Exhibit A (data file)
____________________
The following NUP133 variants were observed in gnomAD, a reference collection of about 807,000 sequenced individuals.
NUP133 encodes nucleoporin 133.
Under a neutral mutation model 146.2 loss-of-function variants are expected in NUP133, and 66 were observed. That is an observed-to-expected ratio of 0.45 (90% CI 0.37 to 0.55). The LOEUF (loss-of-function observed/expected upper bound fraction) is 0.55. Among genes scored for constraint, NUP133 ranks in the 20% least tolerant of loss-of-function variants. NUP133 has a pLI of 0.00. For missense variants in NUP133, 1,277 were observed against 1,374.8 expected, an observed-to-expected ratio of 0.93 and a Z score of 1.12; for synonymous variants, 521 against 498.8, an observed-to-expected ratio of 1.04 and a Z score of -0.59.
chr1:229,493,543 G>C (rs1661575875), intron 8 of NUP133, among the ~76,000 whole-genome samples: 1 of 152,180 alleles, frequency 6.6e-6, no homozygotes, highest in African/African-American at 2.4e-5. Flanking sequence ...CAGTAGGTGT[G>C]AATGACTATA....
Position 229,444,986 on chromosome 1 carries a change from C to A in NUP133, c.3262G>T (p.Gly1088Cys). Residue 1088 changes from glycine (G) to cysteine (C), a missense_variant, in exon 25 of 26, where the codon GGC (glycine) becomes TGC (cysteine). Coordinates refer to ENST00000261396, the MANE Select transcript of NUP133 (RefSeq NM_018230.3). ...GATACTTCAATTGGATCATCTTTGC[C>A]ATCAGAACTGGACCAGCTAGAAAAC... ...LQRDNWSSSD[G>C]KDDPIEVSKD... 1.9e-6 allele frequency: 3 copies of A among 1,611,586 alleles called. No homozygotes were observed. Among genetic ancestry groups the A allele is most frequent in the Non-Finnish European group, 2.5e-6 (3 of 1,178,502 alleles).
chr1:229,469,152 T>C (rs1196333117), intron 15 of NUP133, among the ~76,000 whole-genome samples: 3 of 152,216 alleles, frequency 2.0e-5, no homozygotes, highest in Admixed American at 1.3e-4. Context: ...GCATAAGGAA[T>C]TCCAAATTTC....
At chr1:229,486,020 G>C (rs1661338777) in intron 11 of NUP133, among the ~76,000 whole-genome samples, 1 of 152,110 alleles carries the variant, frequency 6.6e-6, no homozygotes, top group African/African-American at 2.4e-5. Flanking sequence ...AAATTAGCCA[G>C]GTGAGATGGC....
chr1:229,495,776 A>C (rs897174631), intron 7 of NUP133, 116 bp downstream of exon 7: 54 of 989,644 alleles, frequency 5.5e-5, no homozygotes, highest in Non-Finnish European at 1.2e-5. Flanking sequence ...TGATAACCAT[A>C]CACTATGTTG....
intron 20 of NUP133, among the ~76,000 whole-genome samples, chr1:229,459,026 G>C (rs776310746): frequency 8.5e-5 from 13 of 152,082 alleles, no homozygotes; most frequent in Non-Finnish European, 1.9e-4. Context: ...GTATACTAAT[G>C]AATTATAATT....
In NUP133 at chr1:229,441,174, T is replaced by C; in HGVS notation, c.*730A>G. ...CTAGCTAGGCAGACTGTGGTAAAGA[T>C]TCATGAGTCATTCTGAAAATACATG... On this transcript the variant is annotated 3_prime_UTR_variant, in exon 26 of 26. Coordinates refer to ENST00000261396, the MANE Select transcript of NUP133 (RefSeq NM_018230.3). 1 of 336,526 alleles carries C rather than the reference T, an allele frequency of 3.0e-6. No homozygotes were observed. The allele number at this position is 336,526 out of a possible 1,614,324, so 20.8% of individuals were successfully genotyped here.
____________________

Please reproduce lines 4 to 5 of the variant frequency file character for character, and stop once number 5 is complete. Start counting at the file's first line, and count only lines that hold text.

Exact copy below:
chr1:229,493,543 G>C (rs1661575875), intron 8 of NUP133, among the ~76,000 whole-genome samples: 1 of 152,180 alleles, frequency 6.6e-6, no homozygotes, highest in African/African-American at 2.4e-5. Flanking sequence ...CAGTAGGTGT[G>C]AATGACTATA....
Position 229,444,986 on chromosome 1 carries a change from C to A in NUP133, c.3262G>T (p.Gly1088Cys). Residue 1088 changes from glycine (G) to cysteine (C), a missense_variant, in exon 25 of 26, where the codon GGC (glycine) becomes TGC (cysteine). Coordinates refer to ENST00000261396, the MANE Select transcript of NUP133 (RefSeq NM_018230.3). ...GATACTTCAATTGGATCATCTTTGC[C>A]ATCAGAACTGGACCAGCTAGAAAAC... ...LQRDNWSSSD[G>C]KDDPIEVSKD... 1.9e-6 allele frequency: 3 copies of A among 1,611,586 alleles called. No homozygotes were observed. Among genetic ancestry groups the A allele is most frequent in the Non-Finnish European group, 2.5e-6 (3 of 1,178,502 alleles).